12 Essential Docker Commands

Docker, the open source container platform, has become a must-know technology for many admins and developers. Even if deploying and managing containers is not a major part of your job — or if you use a container orchestrator like Kubernetes  — a basic familiarity with Docker is important for developing and managing a variety of applications today.

To help developers and admins get started with Docker, this article provides an overview of ten essential Docker commands that you can run using the Docker CLI tool, docker.

#1. Download a container image

One of the first steps in deploying a containerized application is to download it. You can do so with the docker pull command. For example, to download the latest container image for the NGINX Web server, run:

docker pull nginx

Note that by default, the docker pull command downloads images from Docker Hub, Docker’s public container registry platform. The image must first be tagged (using the docker tag command, which we discuss below) with the alternative registry’s name. Then, you can pull the image with a command like:

docker pull myregistry.com/myrepo/nginx

Note also that docker pull by default will pull the image tagged “latest.” To specify a version, append the version number to the command, as follows:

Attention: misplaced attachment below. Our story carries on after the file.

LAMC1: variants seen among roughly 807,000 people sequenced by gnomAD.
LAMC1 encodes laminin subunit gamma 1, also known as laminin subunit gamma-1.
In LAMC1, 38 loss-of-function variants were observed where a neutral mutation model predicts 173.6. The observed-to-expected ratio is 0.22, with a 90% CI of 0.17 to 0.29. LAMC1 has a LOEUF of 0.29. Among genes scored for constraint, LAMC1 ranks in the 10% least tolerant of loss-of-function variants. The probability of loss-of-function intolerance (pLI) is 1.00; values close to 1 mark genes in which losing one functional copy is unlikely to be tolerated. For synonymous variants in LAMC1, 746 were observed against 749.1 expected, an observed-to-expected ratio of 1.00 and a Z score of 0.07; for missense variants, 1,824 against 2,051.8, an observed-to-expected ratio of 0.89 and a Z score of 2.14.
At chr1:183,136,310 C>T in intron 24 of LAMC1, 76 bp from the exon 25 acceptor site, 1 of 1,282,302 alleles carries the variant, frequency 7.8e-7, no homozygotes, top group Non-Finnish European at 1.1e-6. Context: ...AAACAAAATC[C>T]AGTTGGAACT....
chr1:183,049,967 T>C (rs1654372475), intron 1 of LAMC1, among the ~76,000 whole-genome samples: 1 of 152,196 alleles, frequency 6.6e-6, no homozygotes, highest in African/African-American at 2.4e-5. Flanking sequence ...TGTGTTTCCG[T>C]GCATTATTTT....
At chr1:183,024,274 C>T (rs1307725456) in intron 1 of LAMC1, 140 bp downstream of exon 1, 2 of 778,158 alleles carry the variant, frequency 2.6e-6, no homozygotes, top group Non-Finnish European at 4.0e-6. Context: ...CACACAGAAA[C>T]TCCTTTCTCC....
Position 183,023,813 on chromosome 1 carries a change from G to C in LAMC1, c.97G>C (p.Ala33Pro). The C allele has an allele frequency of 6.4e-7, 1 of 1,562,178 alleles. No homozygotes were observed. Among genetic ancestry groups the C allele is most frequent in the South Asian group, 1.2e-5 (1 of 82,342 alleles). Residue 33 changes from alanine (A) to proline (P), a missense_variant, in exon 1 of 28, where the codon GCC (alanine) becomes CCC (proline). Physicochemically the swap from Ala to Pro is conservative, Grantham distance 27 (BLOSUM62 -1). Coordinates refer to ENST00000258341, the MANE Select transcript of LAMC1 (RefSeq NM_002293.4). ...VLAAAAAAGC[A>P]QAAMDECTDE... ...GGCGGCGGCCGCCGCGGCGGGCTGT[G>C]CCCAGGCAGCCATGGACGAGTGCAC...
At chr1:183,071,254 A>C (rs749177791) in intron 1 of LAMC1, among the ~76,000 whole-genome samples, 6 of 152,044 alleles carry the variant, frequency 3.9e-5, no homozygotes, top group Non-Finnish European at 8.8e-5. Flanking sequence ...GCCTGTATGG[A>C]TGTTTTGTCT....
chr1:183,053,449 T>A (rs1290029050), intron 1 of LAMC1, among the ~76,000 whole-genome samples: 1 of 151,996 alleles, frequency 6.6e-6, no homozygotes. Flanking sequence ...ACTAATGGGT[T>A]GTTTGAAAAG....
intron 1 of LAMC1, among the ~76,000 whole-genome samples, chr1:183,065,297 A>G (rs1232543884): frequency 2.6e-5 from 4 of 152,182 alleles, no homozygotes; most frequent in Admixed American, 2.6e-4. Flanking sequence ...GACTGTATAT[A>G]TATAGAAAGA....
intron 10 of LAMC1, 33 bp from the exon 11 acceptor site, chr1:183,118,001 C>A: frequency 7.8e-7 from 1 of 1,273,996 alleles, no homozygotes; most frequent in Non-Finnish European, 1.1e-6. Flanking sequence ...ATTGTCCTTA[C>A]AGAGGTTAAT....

docker pull nginx:1

#2. Push a container image

If you create a container image and want to upload it to a registry, you use the docker push command:

docker push image-name

Like docker pull, docker push pushes to Docker Hub by default. To specify a different registry, first tag that image, then use a command like:

docker push myregistry.com/myrepo/nginx

#3. List local images

The command docker images lists images that you have downloaded to your local system. With no arguments, the command will list all images, but you can filter the output in various ways. For example, to display all images from the repository “nginx,” run:

docker images nginx

#4. Run a new container based on an image

To create and run a brand-new container based on an image you have downloaded (e.g. nginx), use the docker run command:

docker run nginx

Don’t use docker start, which does something slightly different, as explained immediately below.

Note that on its own, docker run creates a new container with a random name, and you’ll have to identify it using docker ps. To specify a name, use the –name flag:

docker run –name mynginxcontainer nginx

#5. Stop a container

Use docker stop to stop a running container:

docker stop mynginxcontainer

#6. Restart a stopped container

The docker start command starts a container that you previously created and ran using docker run. For instance:

docker start mynginxcontainer

Note that this is different from the docker run command because docker start starts a container based on an image that you ran previously using docker run. In other words, use docker run the first time you want to start a container based on an image you have downloaded, and use docker start to create an additional container (or restart a failed one) based on that image.